This list, I’m well aware, is far from exhaustive, especially as I have intentionally decided to focus on literary texts that are still potentially available to a reader today (so, a printing within the last 30 years or so).  The vast majority of noirs germinated from some kind of literary antecedent, but many seem to have vanished upon their initial printings, and now the films they inspired often serve as the only continued testament to their existence.  Additionally, in the past decades the renewed interest in both film noir and the hard-boiled detective, urban mystery and pulp genres have led to the publication of a number of anthologies collecting long-unavailable short stories, and those stories are at present very much underrepresented on this list, and will hopefully be added sometime at a future date.

Also, purists will undoubtedly spot many dubious inclusions on this list, ranging from non-American films to films made before or after the historical period recognized as producing pure film noir, and the only defense I can offer is that I chose to embrace the fuzzy, impossible-to-define nature of the term “film noir” and opted to include the occasional precedents and several successors of note that might be of reading interest (without delving into neo-noir, which I felt would quickly take me too far afield).  Tips and suggestions of titles to add, editions and republications I should be aware of, etc. would be very much appreciated.

And most importantly, happy reading!

The Pages of Noir: The List

A Gun for Sale by Graham Greene – This Gun for Hire (1942, Tuttle)

The Asphalt Jungle by W.R. Burnett – The Asphalt Jungle (1950, Houston)

The Big Clock by Kenneth Fearing – The Big Clock (1948, Farrow)

The Big Heat by William P. McGivern – The Big Heat (1953, Lang)

The Big Knife (play) by Clifford Odets – The Big Knife (1955, Aldrich)

The Big Sleep by Raymond Chandler – The Big Sleep (1946, Hawks)

Black Alibi by Cornell Woolrich – The Leopard Man (1943, Tourneur)

The Black Angel by Cornell Woolrich – The Black Angel (1946, Neill)

The Black Path of Fear by Cornell Woorich – The Chase (1946, Ripley)

The Blank Wall by Elisabeth Sanxay Holding – The Reckless Moment (1949, Lang) (later adapted into The Deep End (2001, McGehee and Siegel))

Build My Gallows High by Geoffrey Homes – Out of the Past (1947, Tourneur)

Bunny Lake is Missing by Evelyn Piper – Bunny Lake is Missing (1965, Preminger)

La Chienne (Poor Sap or The Bitch) by Georges de La Fouchardière – La Chienne (1931, France, Renoir) and Scarlet Street (1945, Lang)

Christmas Holiday by W. Somerset Maugham – Christmas Holiday (1944, Siodmak)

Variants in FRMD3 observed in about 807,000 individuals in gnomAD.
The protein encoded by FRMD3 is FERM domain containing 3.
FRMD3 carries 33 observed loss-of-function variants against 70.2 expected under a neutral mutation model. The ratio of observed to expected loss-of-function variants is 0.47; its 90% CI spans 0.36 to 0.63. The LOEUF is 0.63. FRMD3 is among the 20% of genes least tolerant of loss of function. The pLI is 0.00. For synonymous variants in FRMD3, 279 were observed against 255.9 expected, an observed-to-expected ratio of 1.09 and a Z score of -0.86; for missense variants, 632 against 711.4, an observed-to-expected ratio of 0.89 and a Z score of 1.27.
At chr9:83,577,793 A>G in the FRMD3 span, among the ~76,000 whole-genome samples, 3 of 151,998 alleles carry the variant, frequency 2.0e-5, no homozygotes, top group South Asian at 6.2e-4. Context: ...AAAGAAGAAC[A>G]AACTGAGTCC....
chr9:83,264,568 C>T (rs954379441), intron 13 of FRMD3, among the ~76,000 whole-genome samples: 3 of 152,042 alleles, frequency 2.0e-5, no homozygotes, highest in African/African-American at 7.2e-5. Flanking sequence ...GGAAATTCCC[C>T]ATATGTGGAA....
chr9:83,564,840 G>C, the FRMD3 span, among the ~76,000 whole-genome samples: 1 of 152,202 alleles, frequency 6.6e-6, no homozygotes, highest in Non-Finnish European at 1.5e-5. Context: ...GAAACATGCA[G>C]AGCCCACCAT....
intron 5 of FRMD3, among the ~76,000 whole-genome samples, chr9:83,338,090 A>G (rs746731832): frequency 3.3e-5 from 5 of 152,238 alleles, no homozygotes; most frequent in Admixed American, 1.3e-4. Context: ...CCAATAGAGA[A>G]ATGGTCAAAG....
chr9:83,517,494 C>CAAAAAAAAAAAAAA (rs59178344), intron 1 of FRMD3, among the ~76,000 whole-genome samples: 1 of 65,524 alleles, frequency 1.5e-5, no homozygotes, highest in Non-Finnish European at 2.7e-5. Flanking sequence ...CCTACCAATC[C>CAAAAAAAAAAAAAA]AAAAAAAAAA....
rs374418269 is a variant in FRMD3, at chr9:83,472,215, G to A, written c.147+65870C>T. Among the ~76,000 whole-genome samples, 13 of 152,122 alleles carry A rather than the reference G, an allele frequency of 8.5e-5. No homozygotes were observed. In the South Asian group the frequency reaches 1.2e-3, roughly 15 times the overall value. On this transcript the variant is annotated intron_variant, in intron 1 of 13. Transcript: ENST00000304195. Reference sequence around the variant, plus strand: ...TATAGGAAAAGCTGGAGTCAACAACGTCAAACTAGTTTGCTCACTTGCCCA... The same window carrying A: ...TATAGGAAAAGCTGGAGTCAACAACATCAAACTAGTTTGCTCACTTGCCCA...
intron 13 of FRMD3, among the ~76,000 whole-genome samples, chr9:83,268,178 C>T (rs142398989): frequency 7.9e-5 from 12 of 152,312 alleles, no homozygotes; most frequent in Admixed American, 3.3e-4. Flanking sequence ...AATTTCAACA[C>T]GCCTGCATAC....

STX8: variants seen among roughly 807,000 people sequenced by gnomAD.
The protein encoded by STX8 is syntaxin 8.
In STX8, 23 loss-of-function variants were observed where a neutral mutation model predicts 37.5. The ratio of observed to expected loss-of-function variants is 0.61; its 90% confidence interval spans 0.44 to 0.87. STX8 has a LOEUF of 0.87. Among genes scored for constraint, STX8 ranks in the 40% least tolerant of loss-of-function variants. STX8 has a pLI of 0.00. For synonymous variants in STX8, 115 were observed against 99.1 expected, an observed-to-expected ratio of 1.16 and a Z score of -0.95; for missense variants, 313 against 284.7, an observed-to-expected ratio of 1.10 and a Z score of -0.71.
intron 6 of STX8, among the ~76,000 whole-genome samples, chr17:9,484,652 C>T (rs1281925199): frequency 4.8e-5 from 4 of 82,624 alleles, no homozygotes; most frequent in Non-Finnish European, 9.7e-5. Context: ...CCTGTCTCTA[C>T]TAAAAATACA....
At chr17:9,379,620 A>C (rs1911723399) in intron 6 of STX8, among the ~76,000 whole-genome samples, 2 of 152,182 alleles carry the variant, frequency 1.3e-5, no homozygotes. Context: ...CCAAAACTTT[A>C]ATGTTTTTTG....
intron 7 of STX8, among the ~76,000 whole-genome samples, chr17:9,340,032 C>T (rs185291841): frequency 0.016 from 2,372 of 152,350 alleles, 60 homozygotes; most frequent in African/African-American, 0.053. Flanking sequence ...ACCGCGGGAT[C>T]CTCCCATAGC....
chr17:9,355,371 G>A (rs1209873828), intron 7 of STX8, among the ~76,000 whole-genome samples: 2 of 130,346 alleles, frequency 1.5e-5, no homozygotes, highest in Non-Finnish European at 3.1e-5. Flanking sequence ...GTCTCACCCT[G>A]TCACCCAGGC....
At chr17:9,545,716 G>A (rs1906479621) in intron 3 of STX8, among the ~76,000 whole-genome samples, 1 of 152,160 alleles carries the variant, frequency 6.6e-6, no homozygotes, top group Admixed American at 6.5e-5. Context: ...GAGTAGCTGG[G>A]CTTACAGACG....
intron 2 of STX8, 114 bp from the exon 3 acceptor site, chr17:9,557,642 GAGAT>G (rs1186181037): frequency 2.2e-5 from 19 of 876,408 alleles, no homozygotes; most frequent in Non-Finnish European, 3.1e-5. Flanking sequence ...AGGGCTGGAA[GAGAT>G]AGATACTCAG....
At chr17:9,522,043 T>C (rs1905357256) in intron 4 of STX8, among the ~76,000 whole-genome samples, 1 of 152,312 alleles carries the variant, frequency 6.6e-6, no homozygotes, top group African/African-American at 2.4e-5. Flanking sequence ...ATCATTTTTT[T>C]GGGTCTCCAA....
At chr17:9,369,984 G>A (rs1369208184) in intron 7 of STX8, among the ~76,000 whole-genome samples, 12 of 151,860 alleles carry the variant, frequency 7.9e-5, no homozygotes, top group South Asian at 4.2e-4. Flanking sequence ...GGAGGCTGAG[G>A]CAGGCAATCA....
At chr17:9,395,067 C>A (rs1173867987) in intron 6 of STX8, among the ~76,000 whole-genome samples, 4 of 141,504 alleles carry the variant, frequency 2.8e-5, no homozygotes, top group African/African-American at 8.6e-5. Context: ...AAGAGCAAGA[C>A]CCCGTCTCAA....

Clean Break by Lionel White – The Killing (1956, Kubrick)

Criss-Cross by Don Tracy – Criss Cross (1949, Siodmak)

Dark Passage by David Goodis – Dark Passage (1947, Daves)

Deadline at Dawn by Cornell Woolrich – Deadline at Dawn (1946, Clurman)

Detective Story (theatrical play) by Sidney Kingsley – Detective Story (1951, Wyler)

Double Indemnity by James M. Cain – Double Indemnity (1944, Wilder)

The High Window by Raymond Chandler – Time to Kill (Leeds, 1942) and The Brasher Doubloon, (1947, Brahm)

The Fallen Sparrow by Dorothy B. Hughes – The Fallen Sparrow (1943, Wallace)

Farewell, My Lovely by Raymond Chandler – Murder, My Sweet (1944, Dmytryk)

The G-String Murders by Gypsy Rose Lee – Lady of Burlesque (1943, Wellman)

The Glass Key by Dashiell Hammett – The Glass Key (1935, Tuttle) and The Glass Key (1942, Heisler)

I, the Jury by Mickey Spillane – I, the Jury (1953, Essex)

I Wake Up Screaming by Steve Fisher – I Wake Up Screaming (1941, Humberstone)

If I Die Before I Wake by Sherwood King – The Lady from Shanghai (1947, Welles)

In a Lonely Place by Dorothy B. Hughes – In a Lonely Place (1950, Ray)

The Killers and Other Short Stories. by Ernest Hemingway – The Killers (1946, Siodmak)

Kiss Me, Deadly by Mickey Spillane – Kiss Me Deadly (1955, Aldrich)

Kiss Tomorrow Goodbye by Horace McCoy – Kiss Tomorrow Goodybe (1950, Douglas)

Knock on Any Door by Willard Motley – Knock on Any Door (1949, Ray)

The Lady in the Lake by Raymond Chandler – Lady in the Lake (1947, Montgomery)

Laura by Vera Caspary – Laura (1944, Preminger)

Leave Her to Heaven by Ben Ames Williams – Leave Her to Heaven (1945, Stahl)

The Maltese Falcon by Dashiell Hammett – The Maltese Falcon (1931, Del Ruth) and Satan Met a Lady (1936, Dieterle) and The Maltese Falcon (1941, Houston)

Mildred Pierce by James M. Cain – Mildred Pierce (1945, Curtiz)

Night and the City by Gerald Kersh – Night and the City (1950, Dassin)

Night Has a Thousand Eyes: a novel of suspense by Cornell Woolrich – Night Has a Thousand Eyes (1948, Farrow)

The Night of The Hunter by Davis Grubb – The Night of the Hunter (1955, Laughton)

Nightmare Alley by William Lindsay Gresham – Nightmare Alley (1947, Goulding)

Phantom Lady by Cornell Woolrich (as William Irish) – Phantom Lady (1944, Siodmak)

The Postman Always Rings Twice by James M. Cain – Ossessione (1943, Italy, Visconti) The Postman Always Rings Twice (1946, Garnett)